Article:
Constitution Vote: Yerima Halts Senate Move To Outlaw Underage Marriage
ABUJA, July 16, (THEWILL) – Former Zamfara State Governor and serving senator, Ahmed Sani Yerima, who graced media headlines in 2010 for marrying an underage 13-year-old Egyptian, Tuesday literarily forced the Senate to reverse a clause in the revised constitutional proposal that would have outlawed underage marriage in the country.
Yerima mounted the Senate floor protesting, declaring severally that the move was "un-Islamic" and in breach of Part I, item 61 of Second Schedule of the 1999 Constitution as amended, a development that almost stalled the crucial constitution amendment vote on amended clauses.
Part I, item 61 of Second Schedule of the 1999 constitution as amended directs the National Assembly to steer away from Islamic marriage.
The contentious provision, Section 29, allows citizens who are of age to renounce Nigerian citizenship if they wish. For that purpose, the constitution says 18-year-olds and above shall be considered to be “of age.”
In addition, a woman or girl who is married, shall be considered to be of age-implying even a day old child, once married, shall be so considered, a provision (Section 29(4)(b)) the Senate’s amendment committee proposed be deleted.
At first voting on Tuesday, that recommendation was overwhelmingly approved, leaving open the possibility of final passage if accepted by the House of Representatives (via concurrence) and Houses of Assembly.
But deep into voting on the 31 amendment clauses, Yerima took advantage of a trend were Senators intermittently contested matters such as health, single term and the separation of the offices of the Minister of Justice from the Attorney General to protest why the section dealing with age of a married woman was deleted, describing the move as un-Islamic.
Yerima insisted on fresh votes which the Senate President, David Mark, turned down sparking a trade of words between the duo. Senator Danjuma Goje (Gombe) later joined the protest accusing the Senate President of applying double standards as presiding officer for the constitution amendment votes.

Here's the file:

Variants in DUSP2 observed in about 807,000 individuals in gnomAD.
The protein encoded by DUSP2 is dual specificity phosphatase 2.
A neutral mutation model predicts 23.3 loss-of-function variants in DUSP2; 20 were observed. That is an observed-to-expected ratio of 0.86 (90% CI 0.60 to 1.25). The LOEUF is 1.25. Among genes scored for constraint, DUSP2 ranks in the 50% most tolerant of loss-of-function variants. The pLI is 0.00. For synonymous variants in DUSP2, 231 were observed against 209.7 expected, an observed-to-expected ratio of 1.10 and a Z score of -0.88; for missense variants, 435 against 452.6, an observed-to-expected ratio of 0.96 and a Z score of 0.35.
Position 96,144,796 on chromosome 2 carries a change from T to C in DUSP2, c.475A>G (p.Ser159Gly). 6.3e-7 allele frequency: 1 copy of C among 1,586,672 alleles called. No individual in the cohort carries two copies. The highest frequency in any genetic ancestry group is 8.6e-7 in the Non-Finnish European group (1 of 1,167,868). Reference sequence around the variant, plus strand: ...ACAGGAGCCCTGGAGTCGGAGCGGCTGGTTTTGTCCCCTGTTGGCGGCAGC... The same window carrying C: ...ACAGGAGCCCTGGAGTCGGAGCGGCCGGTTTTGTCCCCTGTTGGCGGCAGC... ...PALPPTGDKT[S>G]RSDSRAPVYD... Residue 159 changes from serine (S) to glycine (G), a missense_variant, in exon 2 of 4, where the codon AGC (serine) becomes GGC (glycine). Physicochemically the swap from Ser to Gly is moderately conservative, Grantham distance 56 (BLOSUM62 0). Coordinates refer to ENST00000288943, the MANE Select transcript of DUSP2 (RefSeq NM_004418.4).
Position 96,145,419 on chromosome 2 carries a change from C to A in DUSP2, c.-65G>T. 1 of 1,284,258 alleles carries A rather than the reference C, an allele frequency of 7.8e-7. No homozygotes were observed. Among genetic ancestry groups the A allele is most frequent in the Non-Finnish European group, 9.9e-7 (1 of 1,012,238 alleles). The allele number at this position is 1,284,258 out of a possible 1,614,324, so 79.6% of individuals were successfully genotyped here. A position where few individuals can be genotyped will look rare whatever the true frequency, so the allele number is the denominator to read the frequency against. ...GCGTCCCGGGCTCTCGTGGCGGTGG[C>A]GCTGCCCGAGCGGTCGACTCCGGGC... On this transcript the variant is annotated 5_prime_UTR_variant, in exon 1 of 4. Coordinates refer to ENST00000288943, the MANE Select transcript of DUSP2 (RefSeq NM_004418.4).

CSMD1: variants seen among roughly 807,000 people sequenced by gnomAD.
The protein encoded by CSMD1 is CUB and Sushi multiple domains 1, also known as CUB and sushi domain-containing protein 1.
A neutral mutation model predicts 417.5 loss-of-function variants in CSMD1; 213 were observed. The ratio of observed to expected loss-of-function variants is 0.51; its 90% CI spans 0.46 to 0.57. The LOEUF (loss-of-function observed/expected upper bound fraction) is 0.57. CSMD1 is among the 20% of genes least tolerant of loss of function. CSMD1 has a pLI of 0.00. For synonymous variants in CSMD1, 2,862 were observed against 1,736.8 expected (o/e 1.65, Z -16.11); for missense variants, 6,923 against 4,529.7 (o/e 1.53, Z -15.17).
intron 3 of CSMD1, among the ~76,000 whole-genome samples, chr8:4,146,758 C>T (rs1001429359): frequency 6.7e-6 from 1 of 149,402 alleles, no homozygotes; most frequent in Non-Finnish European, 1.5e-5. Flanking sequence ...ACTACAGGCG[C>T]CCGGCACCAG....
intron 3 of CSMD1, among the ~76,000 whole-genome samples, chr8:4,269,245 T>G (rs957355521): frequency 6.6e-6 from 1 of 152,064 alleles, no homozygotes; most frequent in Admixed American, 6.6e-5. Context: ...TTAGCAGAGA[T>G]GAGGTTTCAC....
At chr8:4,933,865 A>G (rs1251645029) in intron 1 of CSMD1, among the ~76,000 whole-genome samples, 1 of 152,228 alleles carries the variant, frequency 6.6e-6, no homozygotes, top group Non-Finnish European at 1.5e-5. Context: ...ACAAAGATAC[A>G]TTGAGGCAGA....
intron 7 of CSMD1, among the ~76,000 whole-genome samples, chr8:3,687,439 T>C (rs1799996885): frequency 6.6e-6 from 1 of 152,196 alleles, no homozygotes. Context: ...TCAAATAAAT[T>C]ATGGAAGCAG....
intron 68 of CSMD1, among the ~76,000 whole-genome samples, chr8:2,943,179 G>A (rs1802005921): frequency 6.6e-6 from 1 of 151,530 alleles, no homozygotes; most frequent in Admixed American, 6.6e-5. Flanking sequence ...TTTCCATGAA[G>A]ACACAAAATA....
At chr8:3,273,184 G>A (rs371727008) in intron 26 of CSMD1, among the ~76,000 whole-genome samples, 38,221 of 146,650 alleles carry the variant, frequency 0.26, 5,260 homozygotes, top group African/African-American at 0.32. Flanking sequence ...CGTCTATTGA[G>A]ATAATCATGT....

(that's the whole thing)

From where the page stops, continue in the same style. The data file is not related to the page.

Again, Yerima threatened to stage a walkout in protest if fresh voting was not conducted on the contentious Section 29(4)(b).
The Senate President protested Goje's allegations saying: "I take serious exception to the allegation of me applying double standards. I have been very consistent. There is no point making a personal issue. I am not an expert in Islamic law. If it offends any region, then it is serious enough issue to be revisited. If it is the wish of Islamic scholars, we (Senate) will revisit it.”
Yerima, backed by Goje insisted that under Islamic tenet, a woman is of age once married.
“The constitution says the National Assembly shall legislate on marriage except those under Islamic rites,” said the former governor whose marriage to the teenager, triggered months of controversy. “Islam says once a woman is married, she is of age.” Yerima said.
The Senate President however conceded to a second vote, saying he had to act due to the “sensitivity” of the matter since it concerns religion.
At a repeat vote, Yerima’s demand was again voted out 60 to 35, but the section could not be deleted as constitution amendments require two thirds (73 members) of the 109 member Senate for a proposal to pass.
THEWILL recalls that Senator Yerima was in 2010 investigated over allegations that that he married an underage 13-year-old Egyptian girl at a Mosque in Abuja, a development that sparked protests and public criticisms leading to his arrest and prosecution by the NAPTIP.